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BERLINALE 2024 Forum

Alexander Horwath • Director of Henry Fonda for President

“When iconic actors in American cinema last long enough, a ‘persona’ arises for the audience”


- BERLINALE 2024: The Austrian filmmaker unpicks how he built a video essay around the biography of Henry Fonda and wider developments in the USA that intertwined with his life

Alexander Horwath  • Director of Henry Fonda for President

How does an American actor of a thousand faces become a parable paralleling US history since its founding day? Austrian film curator Alexander Horwath uses his fascination with legendary US thesp Henry Fonda to smartly build a video essay around his biography and the developments in the USA that intertwined with his life – Jodie Foster, New Hollywood, Taxi Driver and Ronald Reagan included. We spoke to Horwath about his Berlinale Forum-screened movie Henry Fonda for President [+see also:
film review
interview: Alexander Horwath
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Cineuropa: Is this film a master’s thesis or PhD that never happened?
Alexander Horwath:
No, it's not, even though I once wrote a five-page school paper on Henry Fonda. His daughter Jane was my first encounter with the Fonda family, but the proper stepping stone into the whole family saga was her father's films. I attribute certain powers to actors, probably more than many other cinephiles do. Many actors talk about just being a tool in the hands of others. Fonda also says, "These messages are not mine; people may identify me with these roles, but those are the words of John Steinbeck, for example, not mine." But you also have to read the unconscious. If you look at Fonda's biography, his worldview, his beliefs that become clear in interviews, the characters he has played, and then add them all up, you can see a narrative of America unravel. There can be a kind of authorship via performance, the shaping of a narrative about America’s history and present.

Everything repeats itself at some point – history, certain movements or political issues. How does Henry Fonda fit into the present?
I wanted to leave that question up to the audience. A large chunk of the film takes place in modern-day USA, because we filmed there. But Fonda died in 1982, so the history of the USA that I’m covering also ends there, with the beginning of the Reagan era in the early 1980s. I didn't want to include any Trump-era headlines or events, but I hope the film invites audiences to ponder some of the complexities that affect democracy today. The relationship between the rule of law and mob justice, for instance, which goes back centuries, or the role of film and media as “re-enactors” as well as agents of history. Trump appears more by chance because we were filming in Times Square and an actor in a mask ran in front of the camera.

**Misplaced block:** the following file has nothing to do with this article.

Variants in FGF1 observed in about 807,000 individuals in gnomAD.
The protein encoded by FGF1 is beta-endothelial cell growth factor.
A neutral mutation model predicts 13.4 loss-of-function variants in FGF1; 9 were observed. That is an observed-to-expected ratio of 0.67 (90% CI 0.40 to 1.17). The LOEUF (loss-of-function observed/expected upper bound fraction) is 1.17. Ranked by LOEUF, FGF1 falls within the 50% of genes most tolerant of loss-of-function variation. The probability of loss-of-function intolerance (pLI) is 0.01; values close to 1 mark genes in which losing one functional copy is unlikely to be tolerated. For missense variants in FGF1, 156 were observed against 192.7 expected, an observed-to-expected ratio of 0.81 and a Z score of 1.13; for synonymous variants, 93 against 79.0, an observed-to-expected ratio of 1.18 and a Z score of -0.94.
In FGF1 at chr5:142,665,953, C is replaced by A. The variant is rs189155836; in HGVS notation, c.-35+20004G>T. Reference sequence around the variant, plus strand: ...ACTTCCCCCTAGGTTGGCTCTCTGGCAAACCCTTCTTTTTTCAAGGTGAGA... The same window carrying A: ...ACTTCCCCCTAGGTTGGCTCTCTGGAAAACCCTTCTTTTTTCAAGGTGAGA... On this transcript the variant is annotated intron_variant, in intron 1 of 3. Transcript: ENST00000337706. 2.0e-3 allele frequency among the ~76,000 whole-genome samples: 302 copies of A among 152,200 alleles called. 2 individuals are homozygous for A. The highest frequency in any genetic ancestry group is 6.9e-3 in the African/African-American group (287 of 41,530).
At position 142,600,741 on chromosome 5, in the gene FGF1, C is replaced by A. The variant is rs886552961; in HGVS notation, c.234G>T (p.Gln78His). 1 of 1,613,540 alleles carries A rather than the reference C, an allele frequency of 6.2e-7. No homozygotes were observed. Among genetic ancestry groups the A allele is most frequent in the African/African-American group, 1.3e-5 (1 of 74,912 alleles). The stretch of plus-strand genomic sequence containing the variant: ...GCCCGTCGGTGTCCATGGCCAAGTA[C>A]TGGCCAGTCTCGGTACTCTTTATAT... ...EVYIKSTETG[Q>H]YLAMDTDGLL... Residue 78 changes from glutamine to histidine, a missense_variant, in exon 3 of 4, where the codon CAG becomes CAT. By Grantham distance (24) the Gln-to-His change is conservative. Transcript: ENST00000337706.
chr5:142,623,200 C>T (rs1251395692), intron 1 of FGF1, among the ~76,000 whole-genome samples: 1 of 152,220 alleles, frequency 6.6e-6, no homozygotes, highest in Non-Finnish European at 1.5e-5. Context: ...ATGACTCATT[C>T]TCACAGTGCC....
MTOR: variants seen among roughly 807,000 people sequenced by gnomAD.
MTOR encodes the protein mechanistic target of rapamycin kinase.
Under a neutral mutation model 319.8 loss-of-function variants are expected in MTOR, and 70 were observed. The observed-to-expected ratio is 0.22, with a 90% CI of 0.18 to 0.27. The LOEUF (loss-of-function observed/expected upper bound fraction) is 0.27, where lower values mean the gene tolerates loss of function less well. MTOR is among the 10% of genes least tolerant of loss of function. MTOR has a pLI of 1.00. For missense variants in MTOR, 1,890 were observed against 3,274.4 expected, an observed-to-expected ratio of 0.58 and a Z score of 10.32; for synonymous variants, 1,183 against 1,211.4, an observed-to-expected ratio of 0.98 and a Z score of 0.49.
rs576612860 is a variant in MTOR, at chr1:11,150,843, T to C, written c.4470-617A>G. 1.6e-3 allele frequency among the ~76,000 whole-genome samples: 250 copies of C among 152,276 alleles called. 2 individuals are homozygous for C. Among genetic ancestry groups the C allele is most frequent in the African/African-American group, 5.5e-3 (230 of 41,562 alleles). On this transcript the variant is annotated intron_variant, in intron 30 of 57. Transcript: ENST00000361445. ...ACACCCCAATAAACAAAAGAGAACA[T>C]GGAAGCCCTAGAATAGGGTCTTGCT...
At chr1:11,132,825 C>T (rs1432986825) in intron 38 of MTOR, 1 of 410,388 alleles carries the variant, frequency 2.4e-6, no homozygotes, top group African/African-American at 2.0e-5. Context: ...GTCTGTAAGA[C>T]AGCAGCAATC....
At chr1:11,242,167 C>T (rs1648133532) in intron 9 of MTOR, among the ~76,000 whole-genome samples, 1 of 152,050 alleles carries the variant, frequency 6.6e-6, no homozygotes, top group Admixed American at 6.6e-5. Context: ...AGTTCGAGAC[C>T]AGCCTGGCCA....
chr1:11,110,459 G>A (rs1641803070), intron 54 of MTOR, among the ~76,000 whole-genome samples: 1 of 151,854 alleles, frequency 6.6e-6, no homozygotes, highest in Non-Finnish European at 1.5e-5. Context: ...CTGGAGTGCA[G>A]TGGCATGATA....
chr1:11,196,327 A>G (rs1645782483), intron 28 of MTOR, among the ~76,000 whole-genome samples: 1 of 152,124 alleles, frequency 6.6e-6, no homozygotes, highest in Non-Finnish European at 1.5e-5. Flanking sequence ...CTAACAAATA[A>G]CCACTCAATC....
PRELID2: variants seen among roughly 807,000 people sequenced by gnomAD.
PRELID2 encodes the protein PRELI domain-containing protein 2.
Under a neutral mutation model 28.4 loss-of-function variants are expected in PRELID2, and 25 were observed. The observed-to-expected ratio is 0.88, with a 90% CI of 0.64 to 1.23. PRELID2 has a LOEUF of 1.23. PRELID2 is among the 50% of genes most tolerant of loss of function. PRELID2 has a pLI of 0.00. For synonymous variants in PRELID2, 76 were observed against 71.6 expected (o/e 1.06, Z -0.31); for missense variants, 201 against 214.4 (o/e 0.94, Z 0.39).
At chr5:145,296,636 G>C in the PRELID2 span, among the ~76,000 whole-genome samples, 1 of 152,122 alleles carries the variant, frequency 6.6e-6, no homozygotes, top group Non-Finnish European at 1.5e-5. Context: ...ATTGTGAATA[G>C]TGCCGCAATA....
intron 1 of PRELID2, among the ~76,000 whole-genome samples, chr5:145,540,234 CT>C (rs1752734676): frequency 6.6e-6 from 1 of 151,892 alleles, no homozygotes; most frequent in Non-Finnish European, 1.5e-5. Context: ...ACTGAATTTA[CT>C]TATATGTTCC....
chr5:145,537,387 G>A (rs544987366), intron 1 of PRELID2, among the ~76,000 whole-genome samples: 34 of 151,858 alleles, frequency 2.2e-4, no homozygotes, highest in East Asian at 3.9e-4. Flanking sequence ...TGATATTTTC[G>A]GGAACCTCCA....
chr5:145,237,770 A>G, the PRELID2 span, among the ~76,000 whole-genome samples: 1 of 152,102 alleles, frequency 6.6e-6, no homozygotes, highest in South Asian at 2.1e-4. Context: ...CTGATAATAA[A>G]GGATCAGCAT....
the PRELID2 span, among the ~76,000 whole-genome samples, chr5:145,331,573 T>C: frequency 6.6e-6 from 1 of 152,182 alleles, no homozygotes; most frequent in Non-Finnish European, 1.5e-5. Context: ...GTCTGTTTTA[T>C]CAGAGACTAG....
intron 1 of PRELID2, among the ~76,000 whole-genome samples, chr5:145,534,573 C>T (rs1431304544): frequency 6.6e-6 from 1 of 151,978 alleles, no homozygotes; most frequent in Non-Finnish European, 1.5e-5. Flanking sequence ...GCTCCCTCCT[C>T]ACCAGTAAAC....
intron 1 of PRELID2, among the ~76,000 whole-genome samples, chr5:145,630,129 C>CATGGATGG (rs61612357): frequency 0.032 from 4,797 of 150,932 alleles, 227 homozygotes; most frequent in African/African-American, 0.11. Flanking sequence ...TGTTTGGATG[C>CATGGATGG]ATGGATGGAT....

What was it like to deal with the real person behind the actor?
I’m not sure if the factual, biographical existence of Fonda and his various fictional roles can, or should, be separated in a rigorous manner. That's one of the exciting – or disturbing – phenomena in popular culture. With iconic actors in American cinema, if they last long enough, a “persona” arises for the audience, where these things are intertwined. To a lesser degree, we still see it with some contemporary stars. You can always ask yourself, is this the person’s “reality”, or is it part of the fiction they inhabit? It's often not so easy to keep the two apart. Fonda himself tried very hard. He wanted to make his actual existence disappear behind the different characters he played. He always said, “That’s not me.” He didn't like himself, and he says so clearly. But then there are the facts of his life. As a boy, he witnessed a lynching, his second wife committed suicide, he got close to the plane that dropped the atomic bomb on Hiroshima during World War II. There are these facts, and there are these fictional characters. And I think that the links are substantial enough to allow for a “third” sentiment – a notion of hidden authorship.

You are an outsider in America. Historically, it has often been the case that people from outside, immigrants, have been the most critical of US jingoism.
I was always interested in what happened to Lang, Sirk, Lubitsch, Murnau or Jacques Demy, when they turned from European to American directors. The contribution of non-Americans to American cinema and their portrayal of America is very rich and continues to the present day. When it comes to Fonda, on the one hand, he seems like a quintessential American. But with this sceptical, critical and thoughtful nature, and his way of remembering the dead, he can also come across like an anti-John Wayne; in that sense, he may also be viewed as partly “un-American”.

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